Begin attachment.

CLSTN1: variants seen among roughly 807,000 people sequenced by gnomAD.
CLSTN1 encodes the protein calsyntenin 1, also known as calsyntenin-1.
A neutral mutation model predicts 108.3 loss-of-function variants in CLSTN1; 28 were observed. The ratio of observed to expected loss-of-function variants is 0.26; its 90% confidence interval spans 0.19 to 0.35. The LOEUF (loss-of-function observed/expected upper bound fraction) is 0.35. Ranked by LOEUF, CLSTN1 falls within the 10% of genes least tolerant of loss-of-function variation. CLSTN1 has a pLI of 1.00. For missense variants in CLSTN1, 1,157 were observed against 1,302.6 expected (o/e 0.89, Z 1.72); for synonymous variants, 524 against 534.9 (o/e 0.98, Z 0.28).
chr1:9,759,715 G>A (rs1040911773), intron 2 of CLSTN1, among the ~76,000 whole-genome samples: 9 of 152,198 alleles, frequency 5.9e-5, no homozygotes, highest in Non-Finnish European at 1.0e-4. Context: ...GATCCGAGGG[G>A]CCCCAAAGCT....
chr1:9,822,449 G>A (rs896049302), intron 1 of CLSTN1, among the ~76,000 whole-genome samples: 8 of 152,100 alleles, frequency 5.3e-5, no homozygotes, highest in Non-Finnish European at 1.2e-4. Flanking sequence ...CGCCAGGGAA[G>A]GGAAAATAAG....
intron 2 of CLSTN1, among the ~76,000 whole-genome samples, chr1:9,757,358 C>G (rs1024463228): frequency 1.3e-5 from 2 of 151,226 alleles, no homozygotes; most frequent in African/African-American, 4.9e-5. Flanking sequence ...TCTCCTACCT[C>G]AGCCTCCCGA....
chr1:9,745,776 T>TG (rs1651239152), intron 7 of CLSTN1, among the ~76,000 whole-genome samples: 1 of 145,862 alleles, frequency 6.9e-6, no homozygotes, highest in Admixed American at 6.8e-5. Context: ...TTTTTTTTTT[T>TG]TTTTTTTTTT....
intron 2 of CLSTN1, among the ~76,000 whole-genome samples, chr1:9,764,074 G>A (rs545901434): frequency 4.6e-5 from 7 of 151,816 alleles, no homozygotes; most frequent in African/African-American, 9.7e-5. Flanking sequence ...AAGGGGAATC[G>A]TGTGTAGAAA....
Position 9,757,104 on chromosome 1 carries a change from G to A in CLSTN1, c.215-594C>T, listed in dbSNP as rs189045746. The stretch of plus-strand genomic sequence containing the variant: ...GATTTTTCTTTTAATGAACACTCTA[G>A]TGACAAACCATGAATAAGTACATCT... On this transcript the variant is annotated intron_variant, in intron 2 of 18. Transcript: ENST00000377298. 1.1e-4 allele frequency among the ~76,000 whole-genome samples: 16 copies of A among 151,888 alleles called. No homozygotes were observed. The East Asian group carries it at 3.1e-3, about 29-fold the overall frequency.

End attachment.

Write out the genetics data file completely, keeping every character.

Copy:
CLSTN1: variants seen among roughly 807,000 people sequenced by gnomAD.
CLSTN1 encodes the protein calsyntenin 1, also known as calsyntenin-1.
A neutral mutation model predicts 108.3 loss-of-function variants in CLSTN1; 28 were observed. The ratio of observed to expected loss-of-function variants is 0.26; its 90% confidence interval spans 0.19 to 0.35. The LOEUF (loss-of-function observed/expected upper bound fraction) is 0.35. Ranked by LOEUF, CLSTN1 falls within the 10% of genes least tolerant of loss-of-function variation. CLSTN1 has a pLI of 1.00. For missense variants in CLSTN1, 1,157 were observed against 1,302.6 expected (o/e 0.89, Z 1.72); for synonymous variants, 524 against 534.9 (o/e 0.98, Z 0.28).
chr1:9,759,715 G>A (rs1040911773), intron 2 of CLSTN1, among the ~76,000 whole-genome samples: 9 of 152,198 alleles, frequency 5.9e-5, no homozygotes, highest in Non-Finnish European at 1.0e-4. Context: ...GATCCGAGGG[G>A]CCCCAAAGCT....
chr1:9,822,449 G>A (rs896049302), intron 1 of CLSTN1, among the ~76,000 whole-genome samples: 8 of 152,100 alleles, frequency 5.3e-5, no homozygotes, highest in Non-Finnish European at 1.2e-4. Flanking sequence ...CGCCAGGGAA[G>A]GGAAAATAAG....
intron 2 of CLSTN1, among the ~76,000 whole-genome samples, chr1:9,757,358 C>G (rs1024463228): frequency 1.3e-5 from 2 of 151,226 alleles, no homozygotes; most frequent in African/African-American, 4.9e-5. Flanking sequence ...TCTCCTACCT[C>G]AGCCTCCCGA....
chr1:9,745,776 T>TG (rs1651239152), intron 7 of CLSTN1, among the ~76,000 whole-genome samples: 1 of 145,862 alleles, frequency 6.9e-6, no homozygotes, highest in Admixed American at 6.8e-5. Context: ...TTTTTTTTTT[T>TG]TTTTTTTTTT....
intron 2 of CLSTN1, among the ~76,000 whole-genome samples, chr1:9,764,074 G>A (rs545901434): frequency 4.6e-5 from 7 of 151,816 alleles, no homozygotes; most frequent in African/African-American, 9.7e-5. Flanking sequence ...AAGGGGAATC[G>A]TGTGTAGAAA....
Position 9,757,104 on chromosome 1 carries a change from G to A in CLSTN1, c.215-594C>T, listed in dbSNP as rs189045746. The stretch of plus-strand genomic sequence containing the variant: ...GATTTTTCTTTTAATGAACACTCTA[G>A]TGACAAACCATGAATAAGTACATCT... On this transcript the variant is annotated intron_variant, in intron 2 of 18. Transcript: ENST00000377298. 1.1e-4 allele frequency among the ~76,000 whole-genome samples: 16 copies of A among 151,888 alleles called. No homozygotes were observed. The East Asian group carries it at 3.1e-3, about 29-fold the overall frequency.